The title of Donald Weber’s latest book, Interrogations, is very appropriate: both because they are the book’s subject, but also because this book raises a number of difficult questions which it deliberately refuses to answer. Set in Russia and the Ukraine, the book is made up of a series of portraits of people being questioned in different interrogation rooms, each as sparse as the next. By choosing not to include any captions and very little information about the context of these interrogations, Weber has put together a book which is an unflinching and discomfiting encounter with a particularly brutal and raw manifestation of power.
Although the interrogations themselves are book-ended by a prologue and an epilogue, these provide limited context. The prologue consists of images which set a mood for the book. They depict a bleak, difficult world punctuated by a few moments of natural beauty and provide an abstract sense of life in these parts. They also serve as a reminder that Weber did not parachute in to shoot his portraits but spent close to six years shooting in the region. Rather than showing us the specific worlds or lives of the subjects of the interrogations, the prologue creates a sense of foreboding for what is to come.
The epilogue—a longer essay by Larry Frolick and two shorter pieces by Frolick and Weber and by Weber on his own—refuses to provide much context either. Like the book’s photographic introduction Frolick’s essay is also a mood piece documenting a difficult trip that Frolick took with his Ukrainian fixer, an echo of the bleakness, strength and the violence of the world photographed by Weber.
As an object, the book is very well made. Its size, unusual ‘vertical’ format and the full-bleed one-per-spread treatment of the portraits all contribute to its intensity. The cover is initially a little confusing, until the portraits reveal that it replicates the cheap, textured wall of one of the interrogation rooms, a clever design feature.
Naturally the meat of the book is the portraits themselves. Taken in a handful of dingy, sparse interrogation rooms, they show different people undergoing a psychologically and sometimes physically violent interrogation process. We are not told who these people are are, what they are accused of, or why they are being interrogated. Indeed the book only indirectly reveals that these photographs were not staged and were taken during real interrogations. As one portrait follows the next, the emotions intensify. Concern and defensiveness give way to terror, panic and perhaps most alarmingly to expressionless faces, the faces of people whose spirit has been broken. The claustrophobia and tension of these portraits is heightened as the interrogators are never revealed. The few glimpses that Weber affords us are manifestations of pure violence and intimidation: a hand outstretched to grab a man or to strike another on the back of the head. In two of the most shocking portraits an interrogator presses a gun to the head of their subject.
Weber prides himself on his unflinching gaze and this comes through clearly in these portraits. Just as for those being interrogated, there is no respite or redemption in the book: we are ‘forced’ to stare head on at raw terror, at the loss of dignity, at brutal physical intimidation. The overall effect is visceral and deeply uncomfortable. In Weber’s words, “the unseen subject of these photographs is Power”. For me this is the success of the book: by removing any context about these people, thereby turning them into the “Invisible Man”, and by reducing the interrogators to faceless threats, to an abstraction of brute force, Interrogations is able to grapple with the ‘capitalised’ ideas of Power, Violence and Fear.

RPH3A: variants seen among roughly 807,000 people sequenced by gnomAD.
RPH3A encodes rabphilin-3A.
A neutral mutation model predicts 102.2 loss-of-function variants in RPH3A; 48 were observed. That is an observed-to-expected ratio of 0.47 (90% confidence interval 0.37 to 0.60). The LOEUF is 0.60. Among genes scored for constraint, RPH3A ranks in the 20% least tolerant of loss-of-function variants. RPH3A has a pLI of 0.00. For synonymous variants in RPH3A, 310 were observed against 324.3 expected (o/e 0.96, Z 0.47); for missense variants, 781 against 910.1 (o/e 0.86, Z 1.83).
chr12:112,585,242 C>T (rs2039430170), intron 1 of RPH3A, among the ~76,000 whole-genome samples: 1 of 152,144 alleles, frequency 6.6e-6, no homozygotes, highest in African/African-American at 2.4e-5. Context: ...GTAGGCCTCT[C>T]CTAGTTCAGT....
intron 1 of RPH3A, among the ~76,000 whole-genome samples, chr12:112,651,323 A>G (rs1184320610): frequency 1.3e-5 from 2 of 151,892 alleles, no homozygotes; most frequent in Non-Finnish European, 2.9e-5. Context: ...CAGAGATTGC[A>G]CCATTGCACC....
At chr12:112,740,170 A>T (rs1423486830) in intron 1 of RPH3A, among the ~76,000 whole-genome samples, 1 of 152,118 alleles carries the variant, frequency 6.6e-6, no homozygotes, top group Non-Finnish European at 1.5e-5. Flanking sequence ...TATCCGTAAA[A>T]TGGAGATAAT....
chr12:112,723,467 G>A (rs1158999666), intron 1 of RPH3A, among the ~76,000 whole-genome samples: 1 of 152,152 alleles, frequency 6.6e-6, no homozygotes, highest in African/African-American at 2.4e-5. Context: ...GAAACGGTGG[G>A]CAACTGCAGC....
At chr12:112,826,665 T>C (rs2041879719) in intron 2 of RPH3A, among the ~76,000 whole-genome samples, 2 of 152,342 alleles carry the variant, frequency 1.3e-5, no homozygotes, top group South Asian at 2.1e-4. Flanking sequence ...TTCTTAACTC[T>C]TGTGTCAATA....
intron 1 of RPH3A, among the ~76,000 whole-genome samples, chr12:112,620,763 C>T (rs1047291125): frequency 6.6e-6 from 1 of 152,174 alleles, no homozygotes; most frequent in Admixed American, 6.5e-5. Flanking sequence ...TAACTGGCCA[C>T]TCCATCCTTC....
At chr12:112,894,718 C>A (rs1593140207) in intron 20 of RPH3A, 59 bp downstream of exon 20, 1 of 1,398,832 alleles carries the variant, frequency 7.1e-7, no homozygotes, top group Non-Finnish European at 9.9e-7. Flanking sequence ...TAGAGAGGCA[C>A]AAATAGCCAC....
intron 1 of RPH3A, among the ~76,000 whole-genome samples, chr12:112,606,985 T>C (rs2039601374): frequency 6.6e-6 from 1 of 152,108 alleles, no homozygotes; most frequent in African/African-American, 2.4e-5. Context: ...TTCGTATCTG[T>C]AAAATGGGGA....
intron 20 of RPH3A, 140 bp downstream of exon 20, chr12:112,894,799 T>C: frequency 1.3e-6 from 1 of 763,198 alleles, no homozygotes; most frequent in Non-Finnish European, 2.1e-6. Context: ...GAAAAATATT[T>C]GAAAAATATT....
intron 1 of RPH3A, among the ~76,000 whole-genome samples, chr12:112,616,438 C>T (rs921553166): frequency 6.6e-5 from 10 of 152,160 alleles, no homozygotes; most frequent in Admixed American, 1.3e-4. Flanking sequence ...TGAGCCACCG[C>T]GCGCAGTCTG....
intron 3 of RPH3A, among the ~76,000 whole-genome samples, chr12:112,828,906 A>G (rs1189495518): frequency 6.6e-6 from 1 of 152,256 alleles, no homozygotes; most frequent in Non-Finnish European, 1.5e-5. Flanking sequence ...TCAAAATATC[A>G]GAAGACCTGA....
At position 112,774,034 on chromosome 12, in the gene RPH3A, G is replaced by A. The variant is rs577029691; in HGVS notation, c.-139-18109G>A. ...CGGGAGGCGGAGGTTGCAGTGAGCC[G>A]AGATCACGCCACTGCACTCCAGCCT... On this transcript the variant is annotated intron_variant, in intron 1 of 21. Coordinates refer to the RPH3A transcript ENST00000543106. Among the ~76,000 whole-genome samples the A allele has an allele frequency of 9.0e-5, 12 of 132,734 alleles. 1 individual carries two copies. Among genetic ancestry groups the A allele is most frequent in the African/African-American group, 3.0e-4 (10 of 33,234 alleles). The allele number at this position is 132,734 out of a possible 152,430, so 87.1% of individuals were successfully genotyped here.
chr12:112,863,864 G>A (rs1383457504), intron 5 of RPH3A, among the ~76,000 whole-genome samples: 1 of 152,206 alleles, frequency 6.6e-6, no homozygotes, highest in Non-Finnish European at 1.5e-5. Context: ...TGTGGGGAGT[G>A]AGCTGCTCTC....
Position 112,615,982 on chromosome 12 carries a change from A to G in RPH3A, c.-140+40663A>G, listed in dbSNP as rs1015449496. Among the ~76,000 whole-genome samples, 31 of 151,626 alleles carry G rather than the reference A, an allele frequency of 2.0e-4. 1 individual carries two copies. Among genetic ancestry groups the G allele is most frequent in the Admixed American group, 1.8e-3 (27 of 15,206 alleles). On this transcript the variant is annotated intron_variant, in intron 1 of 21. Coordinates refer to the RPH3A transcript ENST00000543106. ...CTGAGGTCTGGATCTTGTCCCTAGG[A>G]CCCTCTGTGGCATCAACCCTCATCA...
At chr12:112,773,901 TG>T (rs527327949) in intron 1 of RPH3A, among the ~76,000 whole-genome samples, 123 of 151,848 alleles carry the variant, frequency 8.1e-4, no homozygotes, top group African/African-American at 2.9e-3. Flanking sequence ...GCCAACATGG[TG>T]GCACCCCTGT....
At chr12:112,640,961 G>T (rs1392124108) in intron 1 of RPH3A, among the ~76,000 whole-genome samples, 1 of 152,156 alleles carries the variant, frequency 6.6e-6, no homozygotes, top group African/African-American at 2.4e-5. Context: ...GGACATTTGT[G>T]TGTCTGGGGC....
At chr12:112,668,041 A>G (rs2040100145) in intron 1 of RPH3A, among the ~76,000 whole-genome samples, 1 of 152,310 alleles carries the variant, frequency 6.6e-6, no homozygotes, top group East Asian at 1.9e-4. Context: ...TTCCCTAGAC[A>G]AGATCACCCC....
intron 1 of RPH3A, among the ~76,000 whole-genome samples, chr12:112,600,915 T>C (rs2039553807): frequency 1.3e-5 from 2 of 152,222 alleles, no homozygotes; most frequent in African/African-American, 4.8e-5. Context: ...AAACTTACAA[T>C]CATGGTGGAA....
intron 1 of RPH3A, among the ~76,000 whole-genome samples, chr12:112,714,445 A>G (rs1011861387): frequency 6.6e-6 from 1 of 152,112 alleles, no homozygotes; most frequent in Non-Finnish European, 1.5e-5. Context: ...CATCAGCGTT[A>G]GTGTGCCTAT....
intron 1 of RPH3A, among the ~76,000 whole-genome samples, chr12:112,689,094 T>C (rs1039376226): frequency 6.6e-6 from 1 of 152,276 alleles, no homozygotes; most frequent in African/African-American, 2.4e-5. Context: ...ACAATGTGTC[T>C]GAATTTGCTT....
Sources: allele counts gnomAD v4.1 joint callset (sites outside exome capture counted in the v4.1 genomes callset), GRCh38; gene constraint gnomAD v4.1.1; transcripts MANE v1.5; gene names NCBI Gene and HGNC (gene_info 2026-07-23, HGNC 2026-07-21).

The book also raises some fundamental questions about the photographic process at play here. By sitting through these interrogations and photographing them without intervening, was Weber not complicit in their violence and their brutality? Indeed, by looking at these pictures are we not also complicit in their violence? What did Weber have to do to get access to these situations, who did he have to associate with and what, if anything, did he do for those that were being subjected to this violence? Why did he show them stripped of all dignity and reduce them to total anonymity? These questions are not new: they are at the heart of any documentary photographic practice, but this book poses them in the starkest manner possible.
Although he does not answer them directly in the book, Weber has been quite open in interviews (with Colin Pantall and with Pete Brook) about his process and the questions his images raise about his motivation and responsibility as a photographer. However, for me the book’s one failure is in Frolick and Weber’s short essay outlining the intentions for this project. The text manages to be grandiloquent (“the photos in this book were … the inevitable product of a Western artistic sensibility confronting the mystery of the Other”), confused (“the artist’s goal is to shock us with our own wordlessness: to show us proofs of life in its willful alternative histories”) and sometimes a little silly (“exposing yourself to the cold winds of the void”, “speaking in silence”), in a way that feels very much at odds with the directness and simplicity of these photographs. The book would have been even more brutally powerful without this poor articulation in words of what it succeeds in doing with images alone.
Donald Weber, Interrogations. (Amsterdam: Schilt Publishing, 160 pages, colour plates, 2011).